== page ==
The Beginner Guide Facebook Standard Events [in 2020]

If you want your Facebook Pixel data to really help your Facebook advertising campaigns, it is not enough just to install the Pixel Base code on your website, you also have to set up your Facebook Standard Events. (and with the required event parameters to be able to send useful event data)

In this beginner guide, we are going to explain the most important things you have to know about the Standard Events on Facebook, such as:

  • What is a Facebook Standard Pixel Event?
  • The 17 different types of Standard Events
  • Why is it important to set up Standard Events for your website?
  • The process of creating Facebook Standard Events on your website
  • How to take advantage of Standard Events as soon as you set them up?
  • How to test if your Pixel Standard Events have been set up correctly?
  • The difference between Custom Events and Standard Events

At the end of this tutorial, we are also going to answer some of the most frequently asked questions related to Standard Events.

What is a Facebook Standard Event?

Facebook Standard Events Example - AddToCart

As Facebook defines, “A Standard Event is a predefined visitor action that corresponds to common, conversion-related activities, such as searching for a product, viewing a product, or purchasing a product”. Some of these Standard Events are the ViewContent event, the AddToCart event (seen in the picture above), Lead event or the Purchase event.

Standard events also support parameters that can store additional information about an event such as the value of the event, product ids, categories, etc.

Currently, Facebook has 17 predefined Standard Events, that cover the most frequent user actions on most websites. If you want to track other user actions on your website that are not included in the 17 Standard Events, you have to create Facebook Custom Events for those.

How does a Standard Event Look like?

Unlike the Pixel Base code which has to be placed on the <head> section of your website, the Standard Events will be placed to the body section of your website where the user action is coded.

fbq track function

So let’s say you have a Purchase event, and the code will be placed on your ‘thank-you’ page and the code will look like this:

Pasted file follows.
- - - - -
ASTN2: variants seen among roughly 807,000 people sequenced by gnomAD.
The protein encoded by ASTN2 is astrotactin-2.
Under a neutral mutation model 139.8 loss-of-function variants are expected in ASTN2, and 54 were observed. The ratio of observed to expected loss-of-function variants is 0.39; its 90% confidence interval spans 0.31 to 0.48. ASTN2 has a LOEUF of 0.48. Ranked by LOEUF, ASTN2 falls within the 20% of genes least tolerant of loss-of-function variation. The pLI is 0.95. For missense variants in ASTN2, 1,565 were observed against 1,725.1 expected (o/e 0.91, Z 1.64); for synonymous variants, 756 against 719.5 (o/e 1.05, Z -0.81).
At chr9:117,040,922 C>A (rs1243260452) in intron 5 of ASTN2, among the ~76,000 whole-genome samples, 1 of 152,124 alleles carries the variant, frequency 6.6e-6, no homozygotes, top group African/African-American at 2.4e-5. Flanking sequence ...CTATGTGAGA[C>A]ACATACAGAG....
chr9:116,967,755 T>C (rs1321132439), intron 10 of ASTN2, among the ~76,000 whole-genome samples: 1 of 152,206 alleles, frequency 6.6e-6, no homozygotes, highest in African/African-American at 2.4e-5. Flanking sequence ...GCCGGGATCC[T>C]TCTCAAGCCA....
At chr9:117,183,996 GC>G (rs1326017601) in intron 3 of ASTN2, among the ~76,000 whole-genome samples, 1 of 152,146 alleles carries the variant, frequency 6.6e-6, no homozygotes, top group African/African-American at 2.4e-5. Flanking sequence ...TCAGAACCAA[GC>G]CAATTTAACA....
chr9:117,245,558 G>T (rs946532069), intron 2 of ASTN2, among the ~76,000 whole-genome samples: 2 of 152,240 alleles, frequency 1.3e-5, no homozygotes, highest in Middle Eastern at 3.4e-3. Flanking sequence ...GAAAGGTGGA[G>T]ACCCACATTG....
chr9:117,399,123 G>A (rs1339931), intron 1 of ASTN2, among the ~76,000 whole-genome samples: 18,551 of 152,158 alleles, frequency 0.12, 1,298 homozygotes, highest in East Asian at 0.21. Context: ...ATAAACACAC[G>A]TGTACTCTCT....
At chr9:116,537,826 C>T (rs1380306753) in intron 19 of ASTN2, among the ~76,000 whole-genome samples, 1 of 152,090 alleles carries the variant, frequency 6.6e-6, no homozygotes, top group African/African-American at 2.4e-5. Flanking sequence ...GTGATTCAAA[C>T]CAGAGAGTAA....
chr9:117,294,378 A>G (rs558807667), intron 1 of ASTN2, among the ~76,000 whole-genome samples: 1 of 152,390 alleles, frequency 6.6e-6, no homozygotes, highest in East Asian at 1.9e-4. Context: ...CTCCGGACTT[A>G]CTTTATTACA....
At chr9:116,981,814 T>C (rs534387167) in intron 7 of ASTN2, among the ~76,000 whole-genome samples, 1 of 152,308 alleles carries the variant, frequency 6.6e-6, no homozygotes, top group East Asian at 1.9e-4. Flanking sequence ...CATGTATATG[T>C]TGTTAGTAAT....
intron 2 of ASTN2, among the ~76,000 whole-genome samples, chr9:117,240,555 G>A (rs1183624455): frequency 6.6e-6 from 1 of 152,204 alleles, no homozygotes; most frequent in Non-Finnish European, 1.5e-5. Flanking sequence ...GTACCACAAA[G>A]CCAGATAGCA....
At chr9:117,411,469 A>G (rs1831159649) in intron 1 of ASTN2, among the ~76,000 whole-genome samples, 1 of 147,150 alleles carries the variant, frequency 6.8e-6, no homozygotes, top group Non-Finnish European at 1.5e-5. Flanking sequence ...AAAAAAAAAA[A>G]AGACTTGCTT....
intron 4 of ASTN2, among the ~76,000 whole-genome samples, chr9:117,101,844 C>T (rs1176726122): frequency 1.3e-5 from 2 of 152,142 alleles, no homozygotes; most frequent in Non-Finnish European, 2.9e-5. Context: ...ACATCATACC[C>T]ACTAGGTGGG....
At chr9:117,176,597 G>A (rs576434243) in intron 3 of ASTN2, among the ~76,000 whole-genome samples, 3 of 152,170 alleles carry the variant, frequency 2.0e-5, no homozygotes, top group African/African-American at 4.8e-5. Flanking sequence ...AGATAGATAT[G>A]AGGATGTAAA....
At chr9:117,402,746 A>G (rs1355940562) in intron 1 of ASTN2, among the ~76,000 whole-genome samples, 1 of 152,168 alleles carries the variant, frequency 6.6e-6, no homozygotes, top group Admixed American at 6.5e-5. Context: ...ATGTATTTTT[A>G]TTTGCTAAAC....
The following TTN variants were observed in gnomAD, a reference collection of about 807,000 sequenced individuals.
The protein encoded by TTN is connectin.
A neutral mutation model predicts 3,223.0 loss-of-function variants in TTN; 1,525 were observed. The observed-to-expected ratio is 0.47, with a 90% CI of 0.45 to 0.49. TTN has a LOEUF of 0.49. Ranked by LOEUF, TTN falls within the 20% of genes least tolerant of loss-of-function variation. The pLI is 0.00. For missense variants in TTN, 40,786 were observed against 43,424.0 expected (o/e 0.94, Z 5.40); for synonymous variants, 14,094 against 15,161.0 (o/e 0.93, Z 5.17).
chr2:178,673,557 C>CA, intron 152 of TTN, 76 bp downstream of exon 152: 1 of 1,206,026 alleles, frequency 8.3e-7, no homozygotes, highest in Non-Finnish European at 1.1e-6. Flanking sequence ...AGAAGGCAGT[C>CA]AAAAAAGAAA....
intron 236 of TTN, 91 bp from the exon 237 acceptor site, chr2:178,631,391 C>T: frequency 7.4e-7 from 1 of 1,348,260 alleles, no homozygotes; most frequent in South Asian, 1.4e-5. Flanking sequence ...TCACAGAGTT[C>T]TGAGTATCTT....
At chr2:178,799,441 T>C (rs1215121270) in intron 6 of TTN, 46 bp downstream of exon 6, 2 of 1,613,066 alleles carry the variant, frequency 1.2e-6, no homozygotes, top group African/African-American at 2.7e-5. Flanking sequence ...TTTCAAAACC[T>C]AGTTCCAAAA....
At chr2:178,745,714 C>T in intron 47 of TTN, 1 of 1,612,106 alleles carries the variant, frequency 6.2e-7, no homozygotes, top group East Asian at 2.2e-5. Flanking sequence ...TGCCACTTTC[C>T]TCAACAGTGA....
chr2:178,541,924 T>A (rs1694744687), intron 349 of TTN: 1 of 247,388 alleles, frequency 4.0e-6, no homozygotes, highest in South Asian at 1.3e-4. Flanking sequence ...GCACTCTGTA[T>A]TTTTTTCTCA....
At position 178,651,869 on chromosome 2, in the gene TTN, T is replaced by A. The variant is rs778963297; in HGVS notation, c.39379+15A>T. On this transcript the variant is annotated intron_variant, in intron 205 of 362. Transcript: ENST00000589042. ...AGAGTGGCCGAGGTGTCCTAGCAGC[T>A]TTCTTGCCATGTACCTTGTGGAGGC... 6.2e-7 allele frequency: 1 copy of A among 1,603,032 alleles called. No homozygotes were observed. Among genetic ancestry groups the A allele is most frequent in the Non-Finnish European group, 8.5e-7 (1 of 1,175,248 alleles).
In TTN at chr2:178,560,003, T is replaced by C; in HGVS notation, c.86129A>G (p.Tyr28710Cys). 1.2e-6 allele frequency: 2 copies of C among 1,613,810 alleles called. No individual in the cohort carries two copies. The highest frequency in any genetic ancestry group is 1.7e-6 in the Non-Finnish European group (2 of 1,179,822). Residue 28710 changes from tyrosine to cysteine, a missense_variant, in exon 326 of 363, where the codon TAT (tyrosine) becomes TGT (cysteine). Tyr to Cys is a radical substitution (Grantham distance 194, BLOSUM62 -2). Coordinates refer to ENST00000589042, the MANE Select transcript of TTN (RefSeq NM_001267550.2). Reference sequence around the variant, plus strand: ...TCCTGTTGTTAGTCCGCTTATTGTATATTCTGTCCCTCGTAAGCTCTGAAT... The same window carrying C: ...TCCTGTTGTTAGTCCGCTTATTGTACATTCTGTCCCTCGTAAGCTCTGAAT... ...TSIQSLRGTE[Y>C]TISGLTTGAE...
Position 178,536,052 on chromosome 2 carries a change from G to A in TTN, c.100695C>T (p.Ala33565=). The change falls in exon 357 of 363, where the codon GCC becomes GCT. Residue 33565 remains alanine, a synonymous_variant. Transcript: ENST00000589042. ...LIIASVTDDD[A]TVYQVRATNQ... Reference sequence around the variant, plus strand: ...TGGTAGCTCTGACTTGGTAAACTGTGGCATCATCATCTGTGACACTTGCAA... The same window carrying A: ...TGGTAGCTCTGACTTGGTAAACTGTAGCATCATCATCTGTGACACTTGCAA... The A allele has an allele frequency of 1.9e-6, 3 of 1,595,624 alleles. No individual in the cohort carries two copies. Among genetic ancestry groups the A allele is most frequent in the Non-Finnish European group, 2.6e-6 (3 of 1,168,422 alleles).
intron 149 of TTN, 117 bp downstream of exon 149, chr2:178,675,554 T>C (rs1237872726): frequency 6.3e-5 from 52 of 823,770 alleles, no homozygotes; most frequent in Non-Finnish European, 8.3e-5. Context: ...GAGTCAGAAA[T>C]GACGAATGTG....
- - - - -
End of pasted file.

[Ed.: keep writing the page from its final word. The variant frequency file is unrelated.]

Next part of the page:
<body>
  ...
  <script>
    fbq('track', 'Purchase', {currency: "GBP", value: 40.00});
  </script>
  ...
</body>

As you can see, Standard Events are called by the fbq(‘track’) function, then comes the name of the event, and the parameters and the values of the specific event in a JSON object.

Standard Events’ Object Properties

As we have already mentioned, you can also include predefined object properties called Property Keys or parameters that can provide additional information about these Facebook Standard Events.

In the example above, these additional parameters are the value and the currency, but you could also add content_ids, content_name, content_type, etc.

To see which Facebook Standard Events support which parameter, check out the comprehensive articles on all 17 Standard Events and their applications.

List of all Standard Pixel Events

As we have just mentioned, we have a separate article where we go over in more detail about all 17 Standard Pixel Events, here we are just going to list them out and briefly explain what kind of user actions you can measure with them on your website:

ViewContent Standard Event:

When a user views a page that is important for the website (most often a product, or a service page).

AddToCart Standard Event:

When a website visitor adds a product to the cart.

Purchase Standard Event:

When a visitor purchases a product or a service on your website. It is usually recorded when a visitor lands on a ‘thank-you’ page.

InitiateCheckout Standard Event:

When a user starts the checkout process on your website.

AddPaymenInfo Standard Event:

When a user starts to add the payment information at the end of your checkout process.

Subscribe Standard Event:

When a user subscribes for a paid service. (not to be confused with a free newsletter subscription, where a lead event is the one you should use)

AddToWishList Standard Event:

When a user adds a product to a wish list. Most relevant for e-commerce businesses.

CustomizeProduct Standard Event:

When the user of a website customizes a product. Also only really relevant for an e-commerce site especially in the apparel industry.

CompleteRegistration Standard Event:

When a website visitor submits a registrations form for example for a webinar.

Contact Standard Event:

When a visitor contacts you on your website via a phone, a contact form or email.

Donate Standard Event:

This standard event will fire when a user donates on your website. Very important for non-profit organizations, or where the creator from makes money from a fan support based models.

FindLocation Standard Event:

This event can be triggered when a user searches for a physical location on your website or via an app. It can be very important if you also have, or only have offline distribution channels and run campaigns to increase in-store visits.